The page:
Friday, June 4, 2010

Morocco, Chefchaouen--Palestine, Gaza /1

I'm finally able to connect to the net. I have been in(ternet)communicado for the past few days, since I arrived to Morocco to attend the international forum on the terroirs in Chefchaouen. I have kept a sort of journal and I will post here, with a few days of decalage.

May 30

Rabat airport is really nice and simple: not only it is a tiny terminal, but it only has one gate. In and out is really quick, less than 20 minutes, in spite of the queues at passport control. I was sitting next to an Algerian Engineer on the plane, and as usual, everybody speaks to me in English or French and I answer in Arabic and they say: "wow you speak really good Arabic" and then I say "it is because I am an Arab". This one didn’t register the fact that I answered in Arabic and so I borrowed his pen and filled the landing card in Arabic so he said: wow, you write Arabic really well. And I said…

The woman at the passport control made me fill it again in French. I said sorry for filling it in Arabic, you gave the option on the card. She said: you have to do it in French too.

6 hours in a mini bus, from Rabat to Chefchaouen. We stopped a few kilometers outside Rabat, to have coffee and use the toilets and get some food. I ordered coffee in Arabic. The waiter asked me: Are you Syrian or Palestinian? I said I am Lebanese. He said, welcome to you Lebanese, and may Hizbollah always be victorious. We talked about the resistance and HA and he told me that he was at a celebration of the liberation of South Lebanon a few days ago in Rabat. He then introduced me to the staff of the café.

First there is an endless alluvial plain, which goes on for a couple of hours. All irrigated, deep, dark soils, looks like drained swamps. Right before the first hill, we start seeing citrus plantations, and then a large river. We cross a railway bridge, and then we start going into the hills: the vegetation is very similar to that of the mashreq, olives, figs, pomegranate, grapevines, cereals, and oaks and pine trees. More than two hours later, the road starts climbing steeply: we enter the mountains of the Rif. The first chene liege appear (the oak trees from which they make cork), about an hour later, we cross what looks like a border town, but there are no borders. This is where we enter the former Spanish Morocco. Spanish starts slowly to replace French on the shop’s names. An hour more of shaking in the bus, and we are in Chefchaouen.

I got ejected at the Parador hotel, not far from the Bab al Qasaba place, one of the centers of the old city. I went out quickly to get something to eat and walk into town: it is buzzing with life. All sorts of people, kids, families, singles, mostly Moroccan, fill the streets. I walk a bit and then hear some really nice music coming out of a shop. I walk in there and he has all the Arabic music one could think of, from Moroccan to Sheikh Imam and Haifa Wehbeh. We talk a bit in Arabic (after the: "you speak really good Arabic" bit…) and then a man comes in and greets me and we start talking about Arabic music and literature and he shows me his book: the Rose of Chefchaouen. His name is Mohammad Belhaj Benkhanou and the book is a translation into Arabic from the Spanish. It was originally written by Mohammad Seebary. I buy a copy and ask him to sign it. He tells me about Chefchaouen, the city of literature and poetry, founded 500 years ago when the Andalousians crossed the sea after they were driven away by the reconquista. We are Andalusians he tells me, and we only speak Arabic. We have a local dialect, more an accent but it is not another language. We are proud to welcome you in your country Morocco. I tell him it is my country, I belong to it. بلاد العرب أوطاني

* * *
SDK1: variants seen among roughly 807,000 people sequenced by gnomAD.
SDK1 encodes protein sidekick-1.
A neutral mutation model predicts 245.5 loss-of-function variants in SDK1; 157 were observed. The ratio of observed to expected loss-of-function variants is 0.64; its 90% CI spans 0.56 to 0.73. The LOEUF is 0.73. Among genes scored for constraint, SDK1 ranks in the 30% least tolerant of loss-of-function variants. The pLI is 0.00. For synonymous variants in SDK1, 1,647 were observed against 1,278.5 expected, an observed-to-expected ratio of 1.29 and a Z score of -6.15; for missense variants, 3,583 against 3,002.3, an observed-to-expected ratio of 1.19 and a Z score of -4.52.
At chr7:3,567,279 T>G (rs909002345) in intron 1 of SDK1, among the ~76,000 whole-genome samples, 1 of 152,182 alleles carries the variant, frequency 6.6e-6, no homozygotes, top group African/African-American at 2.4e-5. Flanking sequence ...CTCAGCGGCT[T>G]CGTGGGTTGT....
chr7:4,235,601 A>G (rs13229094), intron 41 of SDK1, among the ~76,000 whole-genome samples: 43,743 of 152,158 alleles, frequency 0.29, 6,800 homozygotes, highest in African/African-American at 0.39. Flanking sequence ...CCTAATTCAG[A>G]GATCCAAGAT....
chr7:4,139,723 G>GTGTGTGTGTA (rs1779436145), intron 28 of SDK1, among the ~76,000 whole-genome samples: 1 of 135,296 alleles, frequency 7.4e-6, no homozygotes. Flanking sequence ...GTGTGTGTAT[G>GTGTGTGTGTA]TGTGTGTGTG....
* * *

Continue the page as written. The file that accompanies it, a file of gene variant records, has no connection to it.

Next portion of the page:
Arabic is my language, my nation and my identity.

These are some photos: first the plain on the road from Rabat, then the foothills, and then Chefchaouen, the plaza, the hotel Parador (really lousy), and one side of the Qasaba

May 31

I woke up and hour too early for my first meeting. I decide to take a wall in the old city: it is 6:45 AM and people are slowly waking up. The souvenir shops owners have thrown a plastic cover on their stuff and gone to sleep. At the Bab el Qasaba place, the voice of an Arabic news program reaches me from a small café. I walk in and there is a handful of early customers sitting at a rickety chair, all eyes fixed on Al Jazira. I order coffee and watch with the: Israel has attacked the Gaza Humanitarian flotilla, there are deads, wounded and prisoners. No one says anything, everybody is watching with intense interest. Next to me a man rolls a kif cigarette and smokes in silence, eyes on the screen. My stomach curls into a knot not even passive smoking can ease. I leave the café.

Everywhere I go on that day, Al Jazira is on and bringing news of the latest Israeli massacre. It is all very predictable. Arab regimes are lame, Arab people are in the street in the Arab world and in other capitals, the Turks are infuriated, and for a cause: many of the dead are from Turkey. Nawwaf Salam, the Lebanese deleguate to the UN who happens to be chairing the security council is convening and urgent meeting, the US is apologectic of Israel, the EU is trying to hide, and the dead are gone. This is the history of Israeli aggression in our region.

People I talk to are all whole heartedly with the Palestinian cause and against Zionism. This includes Moroccans from all walks of life, writers, researchers, intellectuals, farmers and rural people. There are 3 Moroccans whose fate is unknown among the people on the boat.

Chefchaouen is breathtaking, and the landscapes are fabulous. I go through the motions of the day without really thinking about it. I will come back when Palestine is liberated and Zionism is gone and enjoy it.

1 comment:

Bashir said...

It is always great to read you Rami.